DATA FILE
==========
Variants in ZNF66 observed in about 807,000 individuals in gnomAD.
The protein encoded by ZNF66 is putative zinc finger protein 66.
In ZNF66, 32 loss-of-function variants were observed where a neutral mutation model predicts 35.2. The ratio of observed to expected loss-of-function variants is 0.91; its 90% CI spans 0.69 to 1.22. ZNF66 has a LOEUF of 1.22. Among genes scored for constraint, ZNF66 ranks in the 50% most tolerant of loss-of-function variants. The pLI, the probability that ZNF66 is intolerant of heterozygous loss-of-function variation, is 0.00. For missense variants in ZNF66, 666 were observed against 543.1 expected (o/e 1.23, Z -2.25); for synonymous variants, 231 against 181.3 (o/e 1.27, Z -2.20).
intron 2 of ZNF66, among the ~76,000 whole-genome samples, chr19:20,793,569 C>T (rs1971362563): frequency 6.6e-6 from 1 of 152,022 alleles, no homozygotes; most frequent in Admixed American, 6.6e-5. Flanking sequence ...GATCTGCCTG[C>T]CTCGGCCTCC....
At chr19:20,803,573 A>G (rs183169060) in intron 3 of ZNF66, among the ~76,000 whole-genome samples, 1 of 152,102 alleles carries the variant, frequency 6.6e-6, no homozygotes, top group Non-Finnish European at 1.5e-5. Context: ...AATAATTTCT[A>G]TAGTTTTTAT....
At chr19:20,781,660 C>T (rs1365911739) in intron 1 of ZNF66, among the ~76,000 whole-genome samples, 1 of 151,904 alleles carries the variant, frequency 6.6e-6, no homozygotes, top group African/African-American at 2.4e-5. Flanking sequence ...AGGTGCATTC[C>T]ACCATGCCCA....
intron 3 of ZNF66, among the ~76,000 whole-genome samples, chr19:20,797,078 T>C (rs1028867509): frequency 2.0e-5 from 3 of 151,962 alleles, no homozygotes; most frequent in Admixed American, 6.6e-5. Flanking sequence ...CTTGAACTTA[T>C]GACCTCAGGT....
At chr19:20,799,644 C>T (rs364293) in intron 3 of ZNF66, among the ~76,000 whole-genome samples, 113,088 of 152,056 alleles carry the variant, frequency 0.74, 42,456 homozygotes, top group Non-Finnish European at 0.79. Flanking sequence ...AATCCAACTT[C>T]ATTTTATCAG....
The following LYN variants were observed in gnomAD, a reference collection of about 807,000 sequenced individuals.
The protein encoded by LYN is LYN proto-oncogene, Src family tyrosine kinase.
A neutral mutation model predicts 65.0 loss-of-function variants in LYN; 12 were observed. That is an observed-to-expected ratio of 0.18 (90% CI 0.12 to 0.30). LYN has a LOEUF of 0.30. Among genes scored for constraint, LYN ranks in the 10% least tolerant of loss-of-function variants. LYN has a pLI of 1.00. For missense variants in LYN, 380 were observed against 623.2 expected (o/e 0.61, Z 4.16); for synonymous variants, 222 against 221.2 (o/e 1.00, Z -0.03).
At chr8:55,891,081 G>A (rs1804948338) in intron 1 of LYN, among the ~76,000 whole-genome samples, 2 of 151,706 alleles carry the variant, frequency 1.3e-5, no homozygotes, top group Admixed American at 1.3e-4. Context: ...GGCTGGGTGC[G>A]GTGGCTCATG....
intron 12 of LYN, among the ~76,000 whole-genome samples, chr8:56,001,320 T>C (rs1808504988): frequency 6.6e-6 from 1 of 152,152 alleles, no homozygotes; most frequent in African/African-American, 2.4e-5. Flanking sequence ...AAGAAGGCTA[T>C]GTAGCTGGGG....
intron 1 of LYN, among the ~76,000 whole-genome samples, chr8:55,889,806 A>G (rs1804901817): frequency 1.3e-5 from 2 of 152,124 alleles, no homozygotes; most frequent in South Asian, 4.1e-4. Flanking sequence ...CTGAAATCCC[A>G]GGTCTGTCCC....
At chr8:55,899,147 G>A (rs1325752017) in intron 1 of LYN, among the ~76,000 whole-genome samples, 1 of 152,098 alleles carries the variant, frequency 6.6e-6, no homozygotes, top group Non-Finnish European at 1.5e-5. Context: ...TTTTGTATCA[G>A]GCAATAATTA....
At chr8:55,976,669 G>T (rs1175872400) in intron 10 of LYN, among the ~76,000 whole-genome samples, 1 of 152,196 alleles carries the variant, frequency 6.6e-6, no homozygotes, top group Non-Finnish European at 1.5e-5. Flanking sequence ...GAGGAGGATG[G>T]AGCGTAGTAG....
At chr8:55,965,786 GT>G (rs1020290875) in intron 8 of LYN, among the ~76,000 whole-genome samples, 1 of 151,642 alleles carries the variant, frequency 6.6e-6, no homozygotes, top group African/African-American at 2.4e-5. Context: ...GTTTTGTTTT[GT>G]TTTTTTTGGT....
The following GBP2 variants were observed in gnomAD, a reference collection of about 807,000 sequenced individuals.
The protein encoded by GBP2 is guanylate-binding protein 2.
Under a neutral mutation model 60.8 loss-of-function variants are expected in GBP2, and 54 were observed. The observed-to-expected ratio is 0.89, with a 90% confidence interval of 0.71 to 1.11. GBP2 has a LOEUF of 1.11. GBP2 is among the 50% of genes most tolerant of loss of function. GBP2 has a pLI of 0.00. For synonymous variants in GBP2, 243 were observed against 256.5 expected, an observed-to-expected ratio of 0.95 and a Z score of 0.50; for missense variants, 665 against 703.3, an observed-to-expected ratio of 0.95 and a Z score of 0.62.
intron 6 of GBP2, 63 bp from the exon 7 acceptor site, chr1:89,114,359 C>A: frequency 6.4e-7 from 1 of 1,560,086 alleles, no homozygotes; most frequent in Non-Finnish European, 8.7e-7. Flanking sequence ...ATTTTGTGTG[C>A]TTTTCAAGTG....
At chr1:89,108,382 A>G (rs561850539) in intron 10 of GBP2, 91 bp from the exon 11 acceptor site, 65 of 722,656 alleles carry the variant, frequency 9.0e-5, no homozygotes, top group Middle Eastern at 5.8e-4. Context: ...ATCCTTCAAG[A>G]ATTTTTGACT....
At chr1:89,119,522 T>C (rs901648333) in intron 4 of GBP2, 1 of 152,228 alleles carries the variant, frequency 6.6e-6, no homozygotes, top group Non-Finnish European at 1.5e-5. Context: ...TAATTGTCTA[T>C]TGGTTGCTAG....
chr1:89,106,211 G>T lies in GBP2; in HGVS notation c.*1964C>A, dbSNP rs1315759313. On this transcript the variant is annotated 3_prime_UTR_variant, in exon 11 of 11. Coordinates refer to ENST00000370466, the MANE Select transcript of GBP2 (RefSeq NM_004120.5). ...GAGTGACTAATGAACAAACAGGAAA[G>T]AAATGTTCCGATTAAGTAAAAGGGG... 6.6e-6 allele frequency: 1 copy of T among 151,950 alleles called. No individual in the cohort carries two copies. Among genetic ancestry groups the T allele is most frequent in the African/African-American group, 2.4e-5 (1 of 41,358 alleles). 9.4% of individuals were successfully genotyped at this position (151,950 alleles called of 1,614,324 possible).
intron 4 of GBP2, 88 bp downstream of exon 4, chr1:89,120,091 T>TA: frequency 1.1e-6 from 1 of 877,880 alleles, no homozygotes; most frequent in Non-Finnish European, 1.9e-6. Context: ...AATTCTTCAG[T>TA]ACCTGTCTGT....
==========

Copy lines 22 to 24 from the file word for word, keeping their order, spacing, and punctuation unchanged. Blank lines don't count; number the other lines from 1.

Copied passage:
At chr1:89,108,382 A>G (rs561850539) in intron 10 of GBP2, 91 bp from the exon 11 acceptor site, 65 of 722,656 alleles carry the variant, frequency 9.0e-5, no homozygotes, top group Middle Eastern at 5.8e-4. Context: ...ATCCTTCAAG[A>G]ATTTTTGACT....
At chr1:89,119,522 T>C (rs901648333) in intron 4 of GBP2, 1 of 152,228 alleles carries the variant, frequency 6.6e-6, no homozygotes, top group Non-Finnish European at 1.5e-5. Context: ...TAATTGTCTA[T>C]TGGTTGCTAG....
chr1:89,106,211 G>T lies in GBP2; in HGVS notation c.*1964C>A, dbSNP rs1315759313. On this transcript the variant is annotated 3_prime_UTR_variant, in exon 11 of 11. Coordinates refer to ENST00000370466, the MANE Select transcript of GBP2 (RefSeq NM_004120.5). ...GAGTGACTAATGAACAAACAGGAAA[G>T]AAATGTTCCGATTAAGTAAAAGGGG... 6.6e-6 allele frequency: 1 copy of T among 151,950 alleles called. No individual in the cohort carries two copies. Among genetic ancestry groups the T allele is most frequent in the African/African-American group, 2.4e-5 (1 of 41,358 alleles). 9.4% of individuals were successfully genotyped at this position (151,950 alleles called of 1,614,324 possible).